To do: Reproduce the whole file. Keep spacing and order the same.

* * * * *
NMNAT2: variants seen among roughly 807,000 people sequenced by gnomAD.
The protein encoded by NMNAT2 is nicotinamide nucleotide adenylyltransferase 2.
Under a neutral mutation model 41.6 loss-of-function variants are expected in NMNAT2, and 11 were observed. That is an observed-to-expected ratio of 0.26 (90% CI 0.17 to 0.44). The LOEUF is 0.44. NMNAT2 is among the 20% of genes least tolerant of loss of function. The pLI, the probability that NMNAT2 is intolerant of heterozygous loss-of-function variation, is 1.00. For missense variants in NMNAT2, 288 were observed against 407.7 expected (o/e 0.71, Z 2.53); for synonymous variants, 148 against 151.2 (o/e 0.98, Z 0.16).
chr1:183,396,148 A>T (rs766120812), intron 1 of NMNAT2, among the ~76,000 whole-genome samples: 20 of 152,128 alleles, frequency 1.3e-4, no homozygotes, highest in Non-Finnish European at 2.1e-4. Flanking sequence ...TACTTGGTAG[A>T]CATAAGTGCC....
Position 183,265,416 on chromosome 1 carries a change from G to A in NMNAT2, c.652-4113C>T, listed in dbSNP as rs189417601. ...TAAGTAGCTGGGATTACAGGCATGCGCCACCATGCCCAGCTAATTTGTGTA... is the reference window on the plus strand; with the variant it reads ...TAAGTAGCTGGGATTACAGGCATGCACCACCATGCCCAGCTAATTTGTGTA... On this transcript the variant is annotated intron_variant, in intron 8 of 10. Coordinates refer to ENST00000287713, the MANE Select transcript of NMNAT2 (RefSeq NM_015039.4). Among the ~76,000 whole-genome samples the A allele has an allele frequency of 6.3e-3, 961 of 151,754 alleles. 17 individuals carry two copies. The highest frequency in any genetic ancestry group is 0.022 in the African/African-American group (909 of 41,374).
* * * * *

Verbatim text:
NMNAT2: variants seen among roughly 807,000 people sequenced by gnomAD.
The protein encoded by NMNAT2 is nicotinamide nucleotide adenylyltransferase 2.
Under a neutral mutation model 41.6 loss-of-function variants are expected in NMNAT2, and 11 were observed. That is an observed-to-expected ratio of 0.26 (90% CI 0.17 to 0.44). The LOEUF is 0.44. NMNAT2 is among the 20% of genes least tolerant of loss of function. The pLI, the probability that NMNAT2 is intolerant of heterozygous loss-of-function variation, is 1.00. For missense variants in NMNAT2, 288 were observed against 407.7 expected (o/e 0.71, Z 2.53); for synonymous variants, 148 against 151.2 (o/e 0.98, Z 0.16).
chr1:183,396,148 A>T (rs766120812), intron 1 of NMNAT2, among the ~76,000 whole-genome samples: 20 of 152,128 alleles, frequency 1.3e-4, no homozygotes, highest in Non-Finnish European at 2.1e-4. Flanking sequence ...TACTTGGTAG[A>T]CATAAGTGCC....
Position 183,265,416 on chromosome 1 carries a change from G to A in NMNAT2, c.652-4113C>T, listed in dbSNP as rs189417601. ...TAAGTAGCTGGGATTACAGGCATGCGCCACCATGCCCAGCTAATTTGTGTA... is the reference window on the plus strand; with the variant it reads ...TAAGTAGCTGGGATTACAGGCATGCACCACCATGCCCAGCTAATTTGTGTA... On this transcript the variant is annotated intron_variant, in intron 8 of 10. Coordinates refer to ENST00000287713, the MANE Select transcript of NMNAT2 (RefSeq NM_015039.4). Among the ~76,000 whole-genome samples the A allele has an allele frequency of 6.3e-3, 961 of 151,754 alleles. 17 individuals carry two copies. The highest frequency in any genetic ancestry group is 0.022 in the African/African-American group (909 of 41,374).